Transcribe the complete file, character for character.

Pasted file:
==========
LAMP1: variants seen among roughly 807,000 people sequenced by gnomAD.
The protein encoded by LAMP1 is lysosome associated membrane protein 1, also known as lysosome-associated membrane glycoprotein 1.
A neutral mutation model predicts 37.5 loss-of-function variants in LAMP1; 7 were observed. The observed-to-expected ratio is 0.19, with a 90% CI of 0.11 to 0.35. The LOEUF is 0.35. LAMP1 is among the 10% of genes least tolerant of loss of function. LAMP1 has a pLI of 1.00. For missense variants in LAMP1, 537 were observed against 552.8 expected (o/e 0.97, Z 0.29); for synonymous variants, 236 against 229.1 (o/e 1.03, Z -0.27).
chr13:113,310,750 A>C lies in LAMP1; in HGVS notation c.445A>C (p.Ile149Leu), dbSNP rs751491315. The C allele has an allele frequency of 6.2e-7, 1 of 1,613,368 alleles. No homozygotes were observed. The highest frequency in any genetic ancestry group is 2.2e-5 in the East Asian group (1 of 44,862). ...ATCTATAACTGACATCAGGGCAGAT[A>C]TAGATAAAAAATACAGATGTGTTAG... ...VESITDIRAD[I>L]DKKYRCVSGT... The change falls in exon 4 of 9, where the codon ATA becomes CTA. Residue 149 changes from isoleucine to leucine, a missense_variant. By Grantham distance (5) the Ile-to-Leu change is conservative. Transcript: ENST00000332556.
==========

LAMP1: variants seen among roughly 807,000 people sequenced by gnomAD.
The protein encoded by LAMP1 is lysosome associated membrane protein 1, also known as lysosome-associated membrane glycoprotein 1.
A neutral mutation model predicts 37.5 loss-of-function variants in LAMP1; 7 were observed. The observed-to-expected ratio is 0.19, with a 90% CI of 0.11 to 0.35. The LOEUF is 0.35. LAMP1 is among the 10% of genes least tolerant of loss of function. LAMP1 has a pLI of 1.00. For missense variants in LAMP1, 537 were observed against 552.8 expected (o/e 0.97, Z 0.29); for synonymous variants, 236 against 229.1 (o/e 1.03, Z -0.27).
chr13:113,310,750 A>C lies in LAMP1; in HGVS notation c.445A>C (p.Ile149Leu), dbSNP rs751491315. The C allele has an allele frequency of 6.2e-7, 1 of 1,613,368 alleles. No homozygotes were observed. The highest frequency in any genetic ancestry group is 2.2e-5 in the East Asian group (1 of 44,862). ...ATCTATAACTGACATCAGGGCAGAT[A>C]TAGATAAAAAATACAGATGTGTTAG... ...VESITDIRAD[I>L]DKKYRCVSGT... The change falls in exon 4 of 9, where the codon ATA becomes CTA. Residue 149 changes from isoleucine to leucine, a missense_variant. By Grantham distance (5) the Ile-to-Leu change is conservative. Transcript: ENST00000332556.